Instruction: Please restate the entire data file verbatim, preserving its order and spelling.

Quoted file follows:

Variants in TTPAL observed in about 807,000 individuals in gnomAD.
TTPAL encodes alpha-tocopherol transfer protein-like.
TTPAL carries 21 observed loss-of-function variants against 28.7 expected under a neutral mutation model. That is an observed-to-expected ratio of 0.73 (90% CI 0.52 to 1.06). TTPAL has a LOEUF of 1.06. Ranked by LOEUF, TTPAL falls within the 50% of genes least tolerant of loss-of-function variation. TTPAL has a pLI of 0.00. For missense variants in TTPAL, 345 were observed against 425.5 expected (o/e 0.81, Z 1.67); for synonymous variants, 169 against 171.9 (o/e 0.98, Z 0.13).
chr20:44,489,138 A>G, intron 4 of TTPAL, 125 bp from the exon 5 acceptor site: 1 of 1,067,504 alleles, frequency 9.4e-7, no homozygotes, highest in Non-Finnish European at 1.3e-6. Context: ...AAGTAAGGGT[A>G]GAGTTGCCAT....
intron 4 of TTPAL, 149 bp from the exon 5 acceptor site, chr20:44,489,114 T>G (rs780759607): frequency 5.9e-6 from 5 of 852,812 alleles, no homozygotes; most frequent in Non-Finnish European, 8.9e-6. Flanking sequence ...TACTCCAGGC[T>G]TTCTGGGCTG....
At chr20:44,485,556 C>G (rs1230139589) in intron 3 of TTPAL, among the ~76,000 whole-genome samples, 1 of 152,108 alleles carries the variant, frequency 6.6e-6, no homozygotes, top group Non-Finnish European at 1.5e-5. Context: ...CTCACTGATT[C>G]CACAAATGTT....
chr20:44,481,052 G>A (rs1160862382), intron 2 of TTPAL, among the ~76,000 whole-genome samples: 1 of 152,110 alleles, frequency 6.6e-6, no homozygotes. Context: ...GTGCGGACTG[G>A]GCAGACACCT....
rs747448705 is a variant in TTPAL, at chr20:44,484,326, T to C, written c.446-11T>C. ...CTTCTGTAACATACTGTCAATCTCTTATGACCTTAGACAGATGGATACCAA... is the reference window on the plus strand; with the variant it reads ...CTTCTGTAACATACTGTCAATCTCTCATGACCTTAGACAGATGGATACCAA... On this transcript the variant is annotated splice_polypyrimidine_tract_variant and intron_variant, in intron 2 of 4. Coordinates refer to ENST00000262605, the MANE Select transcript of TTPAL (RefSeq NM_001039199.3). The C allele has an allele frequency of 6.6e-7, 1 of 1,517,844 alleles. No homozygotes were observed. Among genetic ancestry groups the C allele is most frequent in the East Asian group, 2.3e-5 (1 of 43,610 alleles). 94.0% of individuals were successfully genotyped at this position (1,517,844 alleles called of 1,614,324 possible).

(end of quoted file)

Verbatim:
Variants in TTPAL observed in about 807,000 individuals in gnomAD.
TTPAL encodes alpha-tocopherol transfer protein-like.
TTPAL carries 21 observed loss-of-function variants against 28.7 expected under a neutral mutation model. That is an observed-to-expected ratio of 0.73 (90% CI 0.52 to 1.06). TTPAL has a LOEUF of 1.06. Ranked by LOEUF, TTPAL falls within the 50% of genes least tolerant of loss-of-function variation. TTPAL has a pLI of 0.00. For missense variants in TTPAL, 345 were observed against 425.5 expected (o/e 0.81, Z 1.67); for synonymous variants, 169 against 171.9 (o/e 0.98, Z 0.13).
chr20:44,489,138 A>G, intron 4 of TTPAL, 125 bp from the exon 5 acceptor site: 1 of 1,067,504 alleles, frequency 9.4e-7, no homozygotes, highest in Non-Finnish European at 1.3e-6. Context: ...AAGTAAGGGT[A>G]GAGTTGCCAT....
intron 4 of TTPAL, 149 bp from the exon 5 acceptor site, chr20:44,489,114 T>G (rs780759607): frequency 5.9e-6 from 5 of 852,812 alleles, no homozygotes; most frequent in Non-Finnish European, 8.9e-6. Flanking sequence ...TACTCCAGGC[T>G]TTCTGGGCTG....
At chr20:44,485,556 C>G (rs1230139589) in intron 3 of TTPAL, among the ~76,000 whole-genome samples, 1 of 152,108 alleles carries the variant, frequency 6.6e-6, no homozygotes, top group Non-Finnish European at 1.5e-5. Context: ...CTCACTGATT[C>G]CACAAATGTT....
chr20:44,481,052 G>A (rs1160862382), intron 2 of TTPAL, among the ~76,000 whole-genome samples: 1 of 152,110 alleles, frequency 6.6e-6, no homozygotes. Context: ...GTGCGGACTG[G>A]GCAGACACCT....
rs747448705 is a variant in TTPAL, at chr20:44,484,326, T to C, written c.446-11T>C. ...CTTCTGTAACATACTGTCAATCTCTTATGACCTTAGACAGATGGATACCAA... is the reference window on the plus strand; with the variant it reads ...CTTCTGTAACATACTGTCAATCTCTCATGACCTTAGACAGATGGATACCAA... On this transcript the variant is annotated splice_polypyrimidine_tract_variant and intron_variant, in intron 2 of 4. Coordinates refer to ENST00000262605, the MANE Select transcript of TTPAL (RefSeq NM_001039199.3). The C allele has an allele frequency of 6.6e-7, 1 of 1,517,844 alleles. No homozygotes were observed. Among genetic ancestry groups the C allele is most frequent in the East Asian group, 2.3e-5 (1 of 43,610 alleles). 94.0% of individuals were successfully genotyped at this position (1,517,844 alleles called of 1,614,324 possible).